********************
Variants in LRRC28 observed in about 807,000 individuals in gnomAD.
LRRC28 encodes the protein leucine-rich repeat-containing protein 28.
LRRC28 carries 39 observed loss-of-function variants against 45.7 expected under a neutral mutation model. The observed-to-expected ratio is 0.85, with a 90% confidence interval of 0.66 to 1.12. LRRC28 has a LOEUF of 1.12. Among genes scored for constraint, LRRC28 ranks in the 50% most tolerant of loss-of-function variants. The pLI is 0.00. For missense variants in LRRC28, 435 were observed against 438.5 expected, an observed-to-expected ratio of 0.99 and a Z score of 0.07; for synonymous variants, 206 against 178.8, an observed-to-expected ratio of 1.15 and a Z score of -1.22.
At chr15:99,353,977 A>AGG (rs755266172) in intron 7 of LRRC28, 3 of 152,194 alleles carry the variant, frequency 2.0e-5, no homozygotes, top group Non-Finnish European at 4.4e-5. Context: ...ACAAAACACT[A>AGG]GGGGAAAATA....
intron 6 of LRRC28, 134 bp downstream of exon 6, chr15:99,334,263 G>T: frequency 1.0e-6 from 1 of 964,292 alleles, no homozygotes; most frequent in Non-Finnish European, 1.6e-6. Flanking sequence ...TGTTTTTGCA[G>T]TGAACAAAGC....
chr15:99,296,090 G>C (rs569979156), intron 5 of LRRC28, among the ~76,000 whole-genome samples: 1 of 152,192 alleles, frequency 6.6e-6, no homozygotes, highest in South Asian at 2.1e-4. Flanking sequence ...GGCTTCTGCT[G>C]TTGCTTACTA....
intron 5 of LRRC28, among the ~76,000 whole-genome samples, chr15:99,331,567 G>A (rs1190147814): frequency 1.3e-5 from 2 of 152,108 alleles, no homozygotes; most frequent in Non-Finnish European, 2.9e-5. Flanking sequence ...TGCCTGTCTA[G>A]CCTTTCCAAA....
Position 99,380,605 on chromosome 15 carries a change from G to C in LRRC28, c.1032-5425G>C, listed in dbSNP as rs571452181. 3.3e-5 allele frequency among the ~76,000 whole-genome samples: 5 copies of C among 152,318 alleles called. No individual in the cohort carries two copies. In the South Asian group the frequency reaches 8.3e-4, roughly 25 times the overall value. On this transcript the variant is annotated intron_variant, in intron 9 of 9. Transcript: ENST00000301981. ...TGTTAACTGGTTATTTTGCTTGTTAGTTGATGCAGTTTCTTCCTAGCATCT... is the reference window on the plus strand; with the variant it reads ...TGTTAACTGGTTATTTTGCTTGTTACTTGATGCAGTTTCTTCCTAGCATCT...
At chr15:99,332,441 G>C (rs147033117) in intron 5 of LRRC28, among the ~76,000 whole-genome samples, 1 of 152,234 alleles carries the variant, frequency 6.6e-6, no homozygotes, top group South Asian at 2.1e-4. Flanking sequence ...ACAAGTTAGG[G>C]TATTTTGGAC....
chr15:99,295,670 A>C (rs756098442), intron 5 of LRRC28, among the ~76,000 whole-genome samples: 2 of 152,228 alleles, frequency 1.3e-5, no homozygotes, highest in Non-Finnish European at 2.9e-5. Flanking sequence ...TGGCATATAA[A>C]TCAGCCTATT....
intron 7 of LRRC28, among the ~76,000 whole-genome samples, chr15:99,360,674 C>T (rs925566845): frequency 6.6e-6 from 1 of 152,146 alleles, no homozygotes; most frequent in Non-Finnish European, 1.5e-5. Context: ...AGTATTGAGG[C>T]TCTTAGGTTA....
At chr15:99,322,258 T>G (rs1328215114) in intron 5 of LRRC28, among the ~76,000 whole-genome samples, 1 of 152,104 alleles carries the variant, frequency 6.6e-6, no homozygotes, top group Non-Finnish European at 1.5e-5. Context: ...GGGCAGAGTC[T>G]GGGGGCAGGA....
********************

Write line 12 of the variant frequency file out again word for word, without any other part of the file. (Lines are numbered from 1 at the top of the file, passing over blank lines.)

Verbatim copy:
At chr15:99,322,258 T>G (rs1328215114) in intron 5 of LRRC28, among the ~76,000 whole-genome samples, 1 of 152,104 alleles carries the variant, frequency 6.6e-6, no homozygotes, top group Non-Finnish European at 1.5e-5. Context: ...GGGCAGAGTC[T>G]GGGGGCAGGA....